Don’t kill your credit by making some of the most common credit card mistakes numerous consumers make.
On one hand, if you are trying to establish credit, you may want to open a credit card to build your score. Donovan Fox, Corporate Spokesperson for Navy Federal Credit Union ($47 billion, Vienna, VA) discusses the power of proper credit card use. “Using a credit card properly has a direct impact on your credit score,” he explains. “Utilizing your card regularly, paying on time, and keeping your account balances low relative to you credit lines, i.e., keeping your account under 25% utilized, increases your credit score and shows lenders you are able to manage credit properly and responsibly.”
However, problems can occur when the consumer begins to open and close (or forget about) about a bevy of credit cards they’ve opened.
Before you make any moves, stop and evaluate your situation. Examine which credit cards you currently have in your possession--if necessary go through that junk drawer to find cards you opened simply to obtain a “10% discount” at the register too.
Once you have all your cards in hand, determine what you owe on each card. If you haven’t used the card in months or even years, contact the customer service number on the back of the card and speak to someone about your account. You’ll need a detailed estimate of what exactly you owe.
Obtaining a running balance of all cards is also a good idea in order to catch and prevent credit card fraud. Question any balance that seems suspicious. If you haven’t used your card in months, but have a substantial balance request further research as your account may have been hacked.
After you’ve tallied up your debt start paying down the balances. However, experts agree that paying the minimum is never a good idea. Why? Many regular credit cards have an interest rate of 18% or higher, which means you end up pay considerably more than if you paid off as much as you could at once. Note--federally chartered credit union credit card interest rates are capped at a 18%, unlike some big banks that can charge 30% or more.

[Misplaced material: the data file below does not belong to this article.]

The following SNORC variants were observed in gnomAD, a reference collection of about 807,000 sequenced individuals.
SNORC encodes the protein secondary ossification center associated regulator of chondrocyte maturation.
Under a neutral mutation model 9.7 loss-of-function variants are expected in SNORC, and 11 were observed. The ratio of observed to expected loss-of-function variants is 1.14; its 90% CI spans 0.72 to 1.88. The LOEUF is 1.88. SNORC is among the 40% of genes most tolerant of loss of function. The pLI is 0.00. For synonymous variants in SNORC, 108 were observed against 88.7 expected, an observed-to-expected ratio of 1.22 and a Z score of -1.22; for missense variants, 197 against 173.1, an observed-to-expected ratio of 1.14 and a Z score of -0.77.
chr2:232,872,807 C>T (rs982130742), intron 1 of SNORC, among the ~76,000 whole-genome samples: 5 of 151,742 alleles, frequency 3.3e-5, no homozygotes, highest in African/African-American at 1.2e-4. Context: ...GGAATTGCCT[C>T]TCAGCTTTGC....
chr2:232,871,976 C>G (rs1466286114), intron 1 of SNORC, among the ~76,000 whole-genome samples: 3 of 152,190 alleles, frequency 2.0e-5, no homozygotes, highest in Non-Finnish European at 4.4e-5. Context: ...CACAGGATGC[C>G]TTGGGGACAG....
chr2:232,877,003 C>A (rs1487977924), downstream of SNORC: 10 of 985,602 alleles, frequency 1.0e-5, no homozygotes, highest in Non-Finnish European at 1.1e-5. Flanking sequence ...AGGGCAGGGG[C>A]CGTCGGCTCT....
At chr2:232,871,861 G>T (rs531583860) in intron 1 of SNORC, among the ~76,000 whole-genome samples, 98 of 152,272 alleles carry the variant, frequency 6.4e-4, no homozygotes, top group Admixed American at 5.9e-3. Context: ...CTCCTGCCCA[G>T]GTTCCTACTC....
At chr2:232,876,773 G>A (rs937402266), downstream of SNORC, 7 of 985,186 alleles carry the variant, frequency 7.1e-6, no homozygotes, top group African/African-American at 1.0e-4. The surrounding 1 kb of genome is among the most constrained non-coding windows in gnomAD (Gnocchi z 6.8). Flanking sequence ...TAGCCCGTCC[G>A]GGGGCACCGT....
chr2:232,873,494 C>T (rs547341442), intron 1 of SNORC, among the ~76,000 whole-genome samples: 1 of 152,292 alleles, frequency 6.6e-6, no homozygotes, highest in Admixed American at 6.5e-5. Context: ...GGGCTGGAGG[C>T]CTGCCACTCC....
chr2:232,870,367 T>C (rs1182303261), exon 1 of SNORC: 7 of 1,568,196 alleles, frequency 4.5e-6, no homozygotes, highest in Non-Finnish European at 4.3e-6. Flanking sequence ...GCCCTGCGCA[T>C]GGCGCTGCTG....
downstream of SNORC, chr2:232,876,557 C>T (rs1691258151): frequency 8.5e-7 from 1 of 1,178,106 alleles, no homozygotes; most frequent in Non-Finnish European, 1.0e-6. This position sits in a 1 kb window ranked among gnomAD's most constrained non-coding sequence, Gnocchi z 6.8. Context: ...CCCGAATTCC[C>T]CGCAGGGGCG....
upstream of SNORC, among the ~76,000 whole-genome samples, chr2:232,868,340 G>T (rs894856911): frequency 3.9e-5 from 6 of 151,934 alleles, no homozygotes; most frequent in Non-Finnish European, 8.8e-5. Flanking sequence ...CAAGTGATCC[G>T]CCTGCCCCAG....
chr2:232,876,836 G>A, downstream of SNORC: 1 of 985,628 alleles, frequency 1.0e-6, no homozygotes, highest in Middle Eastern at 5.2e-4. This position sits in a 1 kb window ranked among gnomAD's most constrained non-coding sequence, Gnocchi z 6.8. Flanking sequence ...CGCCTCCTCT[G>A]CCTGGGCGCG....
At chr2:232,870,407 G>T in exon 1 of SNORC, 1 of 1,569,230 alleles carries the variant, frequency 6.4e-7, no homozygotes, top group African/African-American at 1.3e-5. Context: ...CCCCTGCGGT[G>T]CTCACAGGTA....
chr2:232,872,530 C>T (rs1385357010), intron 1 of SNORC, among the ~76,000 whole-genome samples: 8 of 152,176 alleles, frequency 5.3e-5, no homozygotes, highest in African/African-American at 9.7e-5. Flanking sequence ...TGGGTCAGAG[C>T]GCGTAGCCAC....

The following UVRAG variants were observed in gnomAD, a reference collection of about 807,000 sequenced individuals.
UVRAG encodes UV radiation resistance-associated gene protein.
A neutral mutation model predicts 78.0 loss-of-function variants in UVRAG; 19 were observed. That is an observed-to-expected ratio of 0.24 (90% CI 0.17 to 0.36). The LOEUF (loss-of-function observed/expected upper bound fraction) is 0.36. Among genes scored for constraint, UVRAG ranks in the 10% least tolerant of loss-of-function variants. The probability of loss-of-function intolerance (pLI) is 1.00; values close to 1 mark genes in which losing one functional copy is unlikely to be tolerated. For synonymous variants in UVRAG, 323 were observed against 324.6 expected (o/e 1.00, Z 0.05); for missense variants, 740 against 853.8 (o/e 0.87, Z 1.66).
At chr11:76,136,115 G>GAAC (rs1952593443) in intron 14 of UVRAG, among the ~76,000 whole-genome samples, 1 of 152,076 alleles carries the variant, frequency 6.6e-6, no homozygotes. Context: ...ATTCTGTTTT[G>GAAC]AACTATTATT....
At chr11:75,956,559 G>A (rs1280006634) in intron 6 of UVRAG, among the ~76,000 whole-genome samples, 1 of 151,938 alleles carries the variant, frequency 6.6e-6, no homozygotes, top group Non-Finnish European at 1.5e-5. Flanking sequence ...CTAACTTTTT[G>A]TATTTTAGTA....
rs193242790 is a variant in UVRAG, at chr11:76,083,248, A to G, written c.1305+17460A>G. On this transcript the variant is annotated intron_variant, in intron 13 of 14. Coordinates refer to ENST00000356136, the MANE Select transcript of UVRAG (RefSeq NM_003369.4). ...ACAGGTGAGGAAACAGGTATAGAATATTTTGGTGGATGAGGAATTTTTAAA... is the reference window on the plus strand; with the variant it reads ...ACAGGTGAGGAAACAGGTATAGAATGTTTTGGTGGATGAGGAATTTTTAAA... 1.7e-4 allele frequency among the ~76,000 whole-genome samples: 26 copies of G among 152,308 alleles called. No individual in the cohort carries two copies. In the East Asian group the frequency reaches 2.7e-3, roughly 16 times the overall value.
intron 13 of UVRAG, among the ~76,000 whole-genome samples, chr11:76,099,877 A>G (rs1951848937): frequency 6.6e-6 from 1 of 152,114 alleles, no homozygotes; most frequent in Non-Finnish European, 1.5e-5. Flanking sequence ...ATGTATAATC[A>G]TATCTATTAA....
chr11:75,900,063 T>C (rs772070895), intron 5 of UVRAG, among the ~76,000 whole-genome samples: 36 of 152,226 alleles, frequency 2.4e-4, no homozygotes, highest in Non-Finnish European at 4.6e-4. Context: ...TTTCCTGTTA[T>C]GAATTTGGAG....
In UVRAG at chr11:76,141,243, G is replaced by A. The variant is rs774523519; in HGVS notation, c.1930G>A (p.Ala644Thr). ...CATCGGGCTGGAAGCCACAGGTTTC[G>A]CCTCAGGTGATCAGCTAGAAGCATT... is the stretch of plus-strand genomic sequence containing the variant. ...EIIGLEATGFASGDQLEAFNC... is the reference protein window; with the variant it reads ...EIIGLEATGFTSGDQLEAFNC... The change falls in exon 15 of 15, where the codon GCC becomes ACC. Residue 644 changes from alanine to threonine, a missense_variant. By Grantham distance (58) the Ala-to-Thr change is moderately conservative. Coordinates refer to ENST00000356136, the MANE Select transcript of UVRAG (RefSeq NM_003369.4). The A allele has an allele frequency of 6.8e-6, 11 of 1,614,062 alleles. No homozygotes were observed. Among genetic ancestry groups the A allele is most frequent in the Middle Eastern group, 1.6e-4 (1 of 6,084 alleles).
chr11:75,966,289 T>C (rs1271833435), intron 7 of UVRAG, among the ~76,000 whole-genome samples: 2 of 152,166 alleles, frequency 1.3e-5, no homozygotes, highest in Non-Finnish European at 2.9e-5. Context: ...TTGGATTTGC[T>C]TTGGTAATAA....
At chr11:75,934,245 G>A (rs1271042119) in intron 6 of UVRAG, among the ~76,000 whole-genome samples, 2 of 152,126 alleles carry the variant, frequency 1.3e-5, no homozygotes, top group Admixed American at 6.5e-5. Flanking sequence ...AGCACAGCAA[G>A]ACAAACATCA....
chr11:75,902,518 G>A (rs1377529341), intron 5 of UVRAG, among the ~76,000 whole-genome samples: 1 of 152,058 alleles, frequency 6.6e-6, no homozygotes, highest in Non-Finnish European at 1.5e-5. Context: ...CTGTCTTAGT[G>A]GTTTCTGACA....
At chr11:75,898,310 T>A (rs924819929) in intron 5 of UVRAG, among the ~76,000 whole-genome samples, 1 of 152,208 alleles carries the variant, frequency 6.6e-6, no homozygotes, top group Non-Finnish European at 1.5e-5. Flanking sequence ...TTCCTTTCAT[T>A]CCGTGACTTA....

Why You Shouldn’t Haphazardly Open and Close Credit Card Accounts
Problems can arise when consumers open too many credit cards. “Opening numerous accounts can negatively impact your score because excessive inquires for credit can send the wrong signals to financial institutions,” Fox explains. “Some consumers have a hard time managing multiple cards, which can impact their credit score negatively.”
Fox adds that consumers need to understand the consequences of opening and closing too many credit card accounts. “One of the key attributes to the credit score is ‘average age of accounts,’ so by regularly opening new lines, you're consistently lowering this number - negatively impacting your score. Instead of closing cards, pay them down and leave them open with a zero balance. This will increase the average age of lines over time, as well as lower your overall credit utilization, which both improve your score.”
Instead of erratically opening and closing accounts, consider using each card from time to time instead of throwing them in the junk drawer. Remember, if your account lies dormant your lender may charge an inactivity fee. For example, Fifth Third Bank charges a $19 fee--just because you haven’t used your card once during the year.
In addition to occasional card use, Fox suggests that members turn to their credit union for assistance with managing credit. “Organizationally, we believe it is important to find ways to help our members move forward financially. One of the ways the credit union is doing this is by offering a wide range of products with low rates relative to other issuers.”
He says that a product that is regularly utilized by those attempting to build or repair their credit is Navy Federal’s nRewards secured card - in 2011 named one of the best secured programs in the industry by Credit.com. “Secured cards are available to anyone that has the funds available to hold, regardless of credit experience,” he says. “Navy Federal's secured card program offers an excellent way to safely and responsibly build or repair credit.”
Confused about what to do with your bevy of credit cards? Interested in increasing your credit score? Find a credit union and get the ball rolling with financial educational assistance.